Nov. 13 - Finance ministers met to thrash out the terms of centralised banking in the EU but issues over the ECB as supervisor, and regulations, mean the discussions will continue. Joanne Nicholson reports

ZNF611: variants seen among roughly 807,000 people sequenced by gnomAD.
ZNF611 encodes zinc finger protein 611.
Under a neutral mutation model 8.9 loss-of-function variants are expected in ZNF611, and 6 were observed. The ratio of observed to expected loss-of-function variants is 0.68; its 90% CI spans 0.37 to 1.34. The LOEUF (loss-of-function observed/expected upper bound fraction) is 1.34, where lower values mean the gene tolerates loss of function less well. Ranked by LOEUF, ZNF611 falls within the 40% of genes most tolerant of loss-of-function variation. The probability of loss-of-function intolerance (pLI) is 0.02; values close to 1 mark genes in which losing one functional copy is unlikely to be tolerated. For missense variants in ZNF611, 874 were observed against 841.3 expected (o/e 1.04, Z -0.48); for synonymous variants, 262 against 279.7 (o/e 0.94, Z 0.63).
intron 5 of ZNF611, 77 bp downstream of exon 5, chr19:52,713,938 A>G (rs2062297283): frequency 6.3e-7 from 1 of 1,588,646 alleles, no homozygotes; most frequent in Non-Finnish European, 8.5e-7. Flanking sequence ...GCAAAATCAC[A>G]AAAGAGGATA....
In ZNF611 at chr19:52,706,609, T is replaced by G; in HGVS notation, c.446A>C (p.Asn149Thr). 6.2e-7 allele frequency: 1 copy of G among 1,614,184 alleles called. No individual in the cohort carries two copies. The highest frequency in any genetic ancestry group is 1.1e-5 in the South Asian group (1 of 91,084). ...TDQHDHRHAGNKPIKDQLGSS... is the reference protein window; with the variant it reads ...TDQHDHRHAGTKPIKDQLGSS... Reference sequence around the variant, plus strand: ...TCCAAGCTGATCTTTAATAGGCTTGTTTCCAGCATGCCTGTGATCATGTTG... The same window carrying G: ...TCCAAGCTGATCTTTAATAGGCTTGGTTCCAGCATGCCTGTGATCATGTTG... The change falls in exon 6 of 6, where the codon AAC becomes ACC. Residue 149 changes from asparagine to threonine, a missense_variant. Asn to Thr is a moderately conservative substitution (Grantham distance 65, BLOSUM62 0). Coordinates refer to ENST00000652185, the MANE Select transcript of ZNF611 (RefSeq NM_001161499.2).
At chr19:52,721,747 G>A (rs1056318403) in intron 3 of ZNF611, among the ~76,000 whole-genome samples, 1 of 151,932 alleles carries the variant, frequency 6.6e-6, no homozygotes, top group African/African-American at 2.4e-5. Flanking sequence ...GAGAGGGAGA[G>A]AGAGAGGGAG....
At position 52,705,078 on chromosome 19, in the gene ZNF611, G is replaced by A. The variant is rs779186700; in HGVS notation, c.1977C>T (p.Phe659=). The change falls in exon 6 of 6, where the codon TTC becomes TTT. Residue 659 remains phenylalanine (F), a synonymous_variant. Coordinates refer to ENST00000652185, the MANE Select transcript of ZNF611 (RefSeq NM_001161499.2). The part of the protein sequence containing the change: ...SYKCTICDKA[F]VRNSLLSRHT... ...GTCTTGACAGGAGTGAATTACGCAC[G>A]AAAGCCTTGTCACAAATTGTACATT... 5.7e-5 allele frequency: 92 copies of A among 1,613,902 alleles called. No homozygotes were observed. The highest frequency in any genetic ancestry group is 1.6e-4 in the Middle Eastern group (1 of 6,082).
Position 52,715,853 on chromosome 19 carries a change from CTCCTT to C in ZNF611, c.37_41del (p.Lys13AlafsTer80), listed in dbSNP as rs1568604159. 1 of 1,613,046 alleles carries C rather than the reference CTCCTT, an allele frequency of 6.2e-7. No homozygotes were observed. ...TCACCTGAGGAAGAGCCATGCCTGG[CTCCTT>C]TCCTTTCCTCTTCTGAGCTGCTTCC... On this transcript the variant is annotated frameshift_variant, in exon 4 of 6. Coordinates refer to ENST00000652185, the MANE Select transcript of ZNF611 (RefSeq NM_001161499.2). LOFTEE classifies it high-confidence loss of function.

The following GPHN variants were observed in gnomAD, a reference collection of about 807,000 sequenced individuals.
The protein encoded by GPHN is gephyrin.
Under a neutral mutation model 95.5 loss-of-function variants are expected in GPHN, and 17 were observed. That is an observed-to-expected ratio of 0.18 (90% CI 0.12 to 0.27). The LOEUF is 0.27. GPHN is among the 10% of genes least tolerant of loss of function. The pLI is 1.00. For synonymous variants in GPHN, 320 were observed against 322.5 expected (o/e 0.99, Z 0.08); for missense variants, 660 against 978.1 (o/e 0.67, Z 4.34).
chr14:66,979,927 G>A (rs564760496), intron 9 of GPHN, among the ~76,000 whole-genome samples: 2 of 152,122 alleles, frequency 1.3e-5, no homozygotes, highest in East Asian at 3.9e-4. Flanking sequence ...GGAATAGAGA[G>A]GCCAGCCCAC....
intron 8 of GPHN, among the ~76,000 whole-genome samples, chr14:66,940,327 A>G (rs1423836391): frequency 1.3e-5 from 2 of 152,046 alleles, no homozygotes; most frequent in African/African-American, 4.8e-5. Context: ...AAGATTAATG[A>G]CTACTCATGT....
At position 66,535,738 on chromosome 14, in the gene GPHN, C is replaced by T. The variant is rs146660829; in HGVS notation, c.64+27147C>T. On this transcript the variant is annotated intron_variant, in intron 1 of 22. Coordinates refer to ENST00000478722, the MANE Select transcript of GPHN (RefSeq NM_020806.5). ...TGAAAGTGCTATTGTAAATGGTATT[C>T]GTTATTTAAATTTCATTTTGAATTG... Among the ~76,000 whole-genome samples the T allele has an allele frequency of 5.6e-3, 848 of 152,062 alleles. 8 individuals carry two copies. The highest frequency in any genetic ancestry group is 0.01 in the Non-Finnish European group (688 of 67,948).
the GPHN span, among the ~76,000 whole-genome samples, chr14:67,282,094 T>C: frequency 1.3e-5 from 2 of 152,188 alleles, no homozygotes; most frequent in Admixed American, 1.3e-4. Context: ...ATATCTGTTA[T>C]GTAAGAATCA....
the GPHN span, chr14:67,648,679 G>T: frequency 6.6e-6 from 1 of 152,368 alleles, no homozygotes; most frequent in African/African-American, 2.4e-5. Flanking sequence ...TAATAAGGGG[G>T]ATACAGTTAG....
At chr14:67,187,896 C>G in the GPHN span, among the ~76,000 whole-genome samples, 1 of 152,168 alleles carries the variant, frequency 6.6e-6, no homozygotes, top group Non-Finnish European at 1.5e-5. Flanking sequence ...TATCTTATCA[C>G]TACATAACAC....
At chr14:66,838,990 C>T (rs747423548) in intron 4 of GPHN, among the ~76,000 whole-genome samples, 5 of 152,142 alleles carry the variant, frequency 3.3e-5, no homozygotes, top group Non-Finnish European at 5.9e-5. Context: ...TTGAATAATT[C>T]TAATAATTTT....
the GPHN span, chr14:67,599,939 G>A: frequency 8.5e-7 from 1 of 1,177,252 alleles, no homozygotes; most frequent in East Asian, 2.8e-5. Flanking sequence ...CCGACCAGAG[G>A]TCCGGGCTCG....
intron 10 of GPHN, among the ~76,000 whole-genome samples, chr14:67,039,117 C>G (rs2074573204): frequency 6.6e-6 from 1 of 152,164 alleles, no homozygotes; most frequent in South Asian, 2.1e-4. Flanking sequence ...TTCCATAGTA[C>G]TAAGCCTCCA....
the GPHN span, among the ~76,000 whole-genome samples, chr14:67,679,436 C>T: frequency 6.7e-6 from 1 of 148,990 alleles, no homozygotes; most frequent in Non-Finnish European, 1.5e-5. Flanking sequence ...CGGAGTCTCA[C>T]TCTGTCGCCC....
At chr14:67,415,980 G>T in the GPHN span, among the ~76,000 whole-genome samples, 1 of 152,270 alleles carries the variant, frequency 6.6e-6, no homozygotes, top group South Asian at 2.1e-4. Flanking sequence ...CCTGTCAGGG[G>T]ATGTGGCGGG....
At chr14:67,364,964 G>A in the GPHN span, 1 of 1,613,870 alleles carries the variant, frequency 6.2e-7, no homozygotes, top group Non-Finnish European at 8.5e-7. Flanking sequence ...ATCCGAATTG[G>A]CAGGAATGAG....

It was supposed to be a cornerstone for Europe's approach to the debt crisis - a symbol that it means business - but a banking union is proving elusive. Divisions over how to supervise a new regime emerged as the region's finance ministers met in Brussels. Sweden's finance minister, Anders Borg (SOUNDBITE) (English) SWEDISH FINANCE MINISTER ANDERS BORG SAYING: "If we're going to find a compromise all doors must be open. We must be ready to maybe consider a treaty change. We must consider whether this supervision authority wil be outside of the ECB, and all of these options must be in the process." Under the European Commission's plan, the ECB would monitor all euro zone banks, along with others in the wider EU. There'd be a fund to close banks in trouble, and bank customer deposits would be protected. And it would allow the euro zone's rescue fund, the European Stability Mechanism, to help troubled lenders directly rather than via their governments. But, says ING economist Carsten Brezski, it's the ECB that's the problem. SOUNDBITE (English) CARSTEN BRZESKI, ECONOMIST, ING, SAYING: "Think of a country like Poland - if the ECB was to supervise Polish banks and there is no Polish central bank governor within the governing council of the ECB, that is an issue. How can you delegate responsibilities, give the ECB a strong role but probably what could happen is that we see another committee popping up, a new bank supervision committee so that these issues will be solved." There are two other major sticking points - Britain and Germany. London is worried that even though it's outside the euro zone, its international banks would be affected. It also fears the ECB will impose regulations that might threaten its status as Europe's financial capital. And Germany - Europe's biggest economy - wants fewer banks to be involved because it doesn't want to end up footing the bill for the closure of troubled banks. All 27 EU countries need to agree to centralising the region's banks - and any plan won't help Spain's banking sector. Its aid has already been agreed and will come in the form of loans which will add to its public debt burden.